It started with a dream, to work in medicine, live close to nature and to be able to see the results of my own work. The local vet in Tonsberg, Norway spoke warmly of the veterinary profession in vocational guidance in high school and it seemed to be the right path. Veterinary studies were focused on studying the details of curing animals and understanding diseases. But questions such as: What can veterinary medicine contribute to animal and human health? How do you prevent animals from getting sick? Which risks are important and why? grew more important during my studies. Epidemiology, preventive medicine and food became subjects I was privileged to work with in depth as a trained veterinarian. Issues I have worked with range from zoonoses, mad cow disease, food safety and fish farming to the assessment and management of risks to public and animal health and welfare.
If you want to make the greatest possible impact and simultaneously use your entire education, the EU committees of experts is the right place to be. I have been there from 1997 and seen how the EU's work on food safety has become more evidence-based, and how infections such as salmonella have been brought under control.
- Veterinary training, DFZ course - international veterinary, food and public health organizations
- Course on Infection Biology - food security, challenges for the food industry, zoonoses
- Veterinary Training - Food Safety, risk analysis, investigation of outbreaks
- Veterinary health
- Food safety risk assessment and revision of meat inspection
- Risk management and control of biological hazards and zoonoses
- Epidemiology and control and monitoring
Veterinary contributions to food safety and zoonotic agents - interdisciplinary cooperation in the EU
Food safety can be understood in two ways: that food is safe to eat (food safety) or that it is available in sufficient quantity (food security). Control of infectious diseases is a prerequisite for food security. The first veterinary school in Lyon was established nearly 250 years ago, as a result of the cattle plague that caused mass mortality among cattle in Europe. Over the past 50 years, after the great eruption in Alvesta, control of salmonella and salmonella-free foods has been a Swedish specialization. Food safety has historically been the area where the contribution by veterinarians has been most appreciated by society.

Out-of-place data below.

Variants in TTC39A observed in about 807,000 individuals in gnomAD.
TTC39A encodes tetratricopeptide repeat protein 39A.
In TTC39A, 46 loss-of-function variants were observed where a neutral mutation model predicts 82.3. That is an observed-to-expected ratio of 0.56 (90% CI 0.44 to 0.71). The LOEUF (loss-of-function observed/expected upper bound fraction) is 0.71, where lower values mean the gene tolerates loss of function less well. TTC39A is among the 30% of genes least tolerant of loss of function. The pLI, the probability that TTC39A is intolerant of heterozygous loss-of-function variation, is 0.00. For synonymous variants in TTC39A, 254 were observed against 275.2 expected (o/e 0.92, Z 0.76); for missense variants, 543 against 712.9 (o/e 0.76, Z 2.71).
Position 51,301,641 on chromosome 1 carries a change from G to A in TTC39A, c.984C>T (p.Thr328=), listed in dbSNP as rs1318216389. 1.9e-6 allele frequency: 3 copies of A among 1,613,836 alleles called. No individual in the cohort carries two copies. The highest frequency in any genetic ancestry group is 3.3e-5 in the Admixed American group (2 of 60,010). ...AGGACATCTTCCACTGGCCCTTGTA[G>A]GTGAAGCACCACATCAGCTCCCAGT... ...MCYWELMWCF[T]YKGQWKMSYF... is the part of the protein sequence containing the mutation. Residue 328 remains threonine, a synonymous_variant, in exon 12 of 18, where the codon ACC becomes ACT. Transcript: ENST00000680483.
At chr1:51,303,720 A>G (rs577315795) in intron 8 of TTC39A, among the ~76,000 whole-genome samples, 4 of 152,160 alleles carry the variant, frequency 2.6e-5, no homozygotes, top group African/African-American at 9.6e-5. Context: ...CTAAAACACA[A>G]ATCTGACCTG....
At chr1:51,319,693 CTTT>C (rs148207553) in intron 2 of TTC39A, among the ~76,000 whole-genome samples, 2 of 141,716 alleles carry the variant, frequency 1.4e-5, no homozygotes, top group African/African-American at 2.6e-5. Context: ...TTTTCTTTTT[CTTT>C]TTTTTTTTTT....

A particular challenge is all the new zoonotic agents, emerging diseases, which are appearing and that can often be transmitted through food. Over the past 30 years, we have seen new food-borne infections such as Campylobacter, in broilers and drinking water, and EHEC. We have also seen Yersinia and Listeria, which can grow at refrigerator temperature, viruses contaminated raspberries and Salmonella enteritis that can be transmitted through raw eggs. From mad cow disease we learned that food safety concerns the entire food chain, from farm to table. What happens in fodder production plants affects the safety of the consumer who ultimately eats the meat.
The challenges in my area of food safety require that we work interdisciplinary. Experts from many disciplines must work together to assess risks and suggest solutions to problems. The EU has now set up scientific expert committees to develop advice on issues of food safety and animal welfare. The conclusions of these expert opinions are often found in the prefaces to EU legislation. This effort makes great use of the EU, and is based on the highest scientific quality.
Several SLU researchers have made important contributions to both food safety and animal welfare in the EU over the past 15 years.
A challenge for research is the control of infectious agents in circular systems where food waste and by-products are transformed into new sources of protein, biogas and raw materials for the chemical industry. The challenge is to avoid the cycle of nutrients becomes a cycle of infectious agents. Figure 1 illustrates this.